Table of Contents
I. India – A Multilingual Challenge
II. The Emergence of English on the Indian Subcontinent
II.1. The Colonial Period: 1612 - 1947
II.2. The Role of English after Independence: Linguistic Situation and Linguistic Policy
III. A Different English: Distinct Linguistic Features of Indian English
III.1. Phonetic and Phonological Peculiarities
III.2. Morphology, Syntax and Lexicon
III.3. The Sociolinguistic Attitude Towards English
IV. Indian English in the 21st Century: An Intruding Force Turns into a Key to Success
List of Works Cited/ References
bodies of law/ legal publications
I. India – A Multilingual Challenge
Considering the vast scope of possible objects of research in linguistics the scientific exploration of the languages spoken in modern India, as it has emerged since independence in 1947, is a fruitful and worthy endeavour – particularly when it comes to the interconnection between India´s colonial past and the consequent implantation of an alien language which is now competing, changing and developing alongside indigenous tongues of Indo-European, Dravidian, Austro-Asiatic and Tibeto-Chinese descent. Thus, English as the most prominent remnant of the British colonial administration is still a vital part of India´s linguistic landscape and is going to play an important role concerning the country´s economic development as well as an internal lingua franca bridging controversies about the perpetual question of a pan-Indian language – apart from official yet disputed Hindi – acceptable in both the northern and the southern part of the country.
The following paper will examine the current state of Indian English following a synchronic approach with special emphasis on phonetical, phonological, morphological, syntactical, lexical and sociolinguistical features. Moreover, due attention will be paid to the historical events which have led to the present conditions as it is indispensable for a holistic understanding of the subject matter. The intention of the author is to give a short account of a variety of English that is spoken by nearly 35 million people all over India and neighbouring Sri Lanka as a secondary language and thus has a non-deniable presence in Southern Asia – together with about three million speakers in Pakistan and Bangladesh.
Since there is a common genesis of Indian and Sri Lankan English and, above all, due to a required limitation of this treatise it was deemed appropriate to omit Sri Lankan characteristics of English because they are, however, comparable to the Indian type so as to concentrate on a comprehensive analysis of the Indian variety.
English in its distinctive Indian variety has emerged over centuries – yet a relatively small number of Indians speaks it frequently not to mention exclusively – and has developed its own characteristics which distinguishes it for instance from the most prestigious Standard English accent, the Received Pronunciation.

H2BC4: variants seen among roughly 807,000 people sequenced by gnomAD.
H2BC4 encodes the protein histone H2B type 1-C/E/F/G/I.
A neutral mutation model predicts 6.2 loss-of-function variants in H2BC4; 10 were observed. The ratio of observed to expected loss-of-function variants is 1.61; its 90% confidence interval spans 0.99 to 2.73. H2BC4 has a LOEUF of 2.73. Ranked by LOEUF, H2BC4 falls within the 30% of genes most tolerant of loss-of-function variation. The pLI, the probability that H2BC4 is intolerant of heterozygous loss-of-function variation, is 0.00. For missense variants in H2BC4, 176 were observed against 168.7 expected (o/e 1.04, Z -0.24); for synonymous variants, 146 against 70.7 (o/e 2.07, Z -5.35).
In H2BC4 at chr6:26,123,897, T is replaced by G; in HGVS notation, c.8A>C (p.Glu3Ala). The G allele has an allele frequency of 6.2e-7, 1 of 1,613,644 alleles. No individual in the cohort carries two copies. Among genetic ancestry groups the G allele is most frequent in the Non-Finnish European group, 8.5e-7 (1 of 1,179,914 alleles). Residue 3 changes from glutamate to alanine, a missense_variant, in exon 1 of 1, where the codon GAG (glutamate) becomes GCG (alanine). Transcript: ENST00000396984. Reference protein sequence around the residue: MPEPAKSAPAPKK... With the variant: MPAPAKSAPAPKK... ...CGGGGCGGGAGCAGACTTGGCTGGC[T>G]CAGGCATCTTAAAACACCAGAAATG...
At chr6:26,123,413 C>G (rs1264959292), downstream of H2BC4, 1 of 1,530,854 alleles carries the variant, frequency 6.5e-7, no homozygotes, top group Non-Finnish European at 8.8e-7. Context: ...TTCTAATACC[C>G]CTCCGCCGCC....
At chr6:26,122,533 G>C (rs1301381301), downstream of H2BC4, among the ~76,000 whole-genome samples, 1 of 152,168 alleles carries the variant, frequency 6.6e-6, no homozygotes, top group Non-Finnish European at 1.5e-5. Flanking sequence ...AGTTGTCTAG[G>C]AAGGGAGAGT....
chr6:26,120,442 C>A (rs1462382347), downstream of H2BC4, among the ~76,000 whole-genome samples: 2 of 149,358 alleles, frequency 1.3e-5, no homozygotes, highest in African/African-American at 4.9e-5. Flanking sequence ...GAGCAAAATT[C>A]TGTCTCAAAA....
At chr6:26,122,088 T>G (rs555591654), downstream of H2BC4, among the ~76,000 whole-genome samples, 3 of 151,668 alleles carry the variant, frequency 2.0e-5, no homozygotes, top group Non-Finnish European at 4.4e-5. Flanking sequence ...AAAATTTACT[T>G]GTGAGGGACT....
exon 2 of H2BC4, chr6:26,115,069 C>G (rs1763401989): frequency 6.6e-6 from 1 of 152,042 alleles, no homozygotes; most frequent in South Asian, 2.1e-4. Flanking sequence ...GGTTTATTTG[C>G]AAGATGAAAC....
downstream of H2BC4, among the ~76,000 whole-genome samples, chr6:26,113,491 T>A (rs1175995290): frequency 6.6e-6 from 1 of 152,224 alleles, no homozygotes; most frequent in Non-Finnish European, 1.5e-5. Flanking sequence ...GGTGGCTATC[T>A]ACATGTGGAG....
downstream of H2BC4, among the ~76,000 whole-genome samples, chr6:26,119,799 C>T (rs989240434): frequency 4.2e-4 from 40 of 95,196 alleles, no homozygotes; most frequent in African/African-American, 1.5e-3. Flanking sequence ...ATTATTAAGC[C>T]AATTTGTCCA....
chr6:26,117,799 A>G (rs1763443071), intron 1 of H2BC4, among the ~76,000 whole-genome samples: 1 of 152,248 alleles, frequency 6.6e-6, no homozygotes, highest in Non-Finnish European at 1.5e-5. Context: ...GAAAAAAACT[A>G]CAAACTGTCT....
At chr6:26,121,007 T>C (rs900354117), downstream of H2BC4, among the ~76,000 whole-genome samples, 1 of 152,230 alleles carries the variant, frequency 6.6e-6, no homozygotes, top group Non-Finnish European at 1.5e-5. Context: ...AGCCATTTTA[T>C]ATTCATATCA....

Today, Indian English possesses the very status of an independent variety among the Englishes in the world. Less than 200 years ago Indian English like all the other normative varieties of English outside the British Isles was virtually non-existent. The sole variety of English spoken in India owing to the colonial rule was the variety of the upper-class represented both by British aristocracy and the trading bourgeoisie. It was the language used by the governor general of the British East India Company and the successive viceroy as the executor of power and orders by royal permission. It was the language of officers, merchants and other members of the administrative, military and commercial corps. A closer look at these representatives of the English claim of supremacy over the former Indian principalities and other political entities – a united India as well as the separate states of Pakistan, Bangladesh, Sri Lanka, Nepal and Bhutan were not yet existent in its current shape – reveals that at first there was not at all a desire to replace local languages some of which already had a status of a regional lingua franca. Thus the British colonial elite did not pursue a policy of cultural or linguistic supersession as the intention of their presence on the subcontinent was merely the conduct of economic trade and the exploitation of natural resources. The focus of their interest was limited to the establishment and control of trade routes and, therefore, led by the desire to expel other European nations with similar colonial ambitions, such as France and Portugal, as it was typical for the era of competitive colonial expansion.
From initial modesty to final political, military and hence economic dominance, the type of British presence on the subcontinent had changed entirely in the course of 335 years. A private venture provided with a royal charter became Britain´s most important colony in the 19th century. However, there was always the will to cooperate with the indigenous ruling class. Several hundred independent states ruled by maharajas, rajas and other sovereigns retained their domestic feudal powers while there were tied by contract to the British Crown serving as their superior feudal lord. Obviously British rule and administration remained rather indirect which distinguished them from the French and the Portuguese. It had been maintained since the early days of settlement when domestic rule was carried out by a chartered company, the British East India Company, with its exclusive trade monopoly lasting from 1600 until 1857/58 when the Government in London reassumed the function of a supreme authority over British India  after severe outbreaks of violence and insurgencies against the unpopular rule of the “Company” necessitated a reassertion of British rule henceforth led by the central government. Facing British presence endangered by those defiant movements of discontent direct rule in the name of the Crown was to prevent the probability of recurrent instability.
Since then English has gained more and more importance. A growing number of residing British colonial servants fostered the further spread of the language and virtually compelled the indigenous to learn it in order to simplify the interaction between the ruling class and the “Indians”. Between 1857 and 1947 the alien influence of British linguistic and cultural features intensified and provoked response of various kind, mostly in the shape of political organisations such as the Indian National Congress  and the All-India Muslim League  both of which assembled wealthy Indians of high social background demanding participation and rights of co-decision concerning the rule of British-Indian provinces. This inevitably acquainted the Indian population – first of all the Indian nobility and the intellectual elites – with the English language as it was the language of colonial administration and British educational institutions which were created in the second half of the 19th century.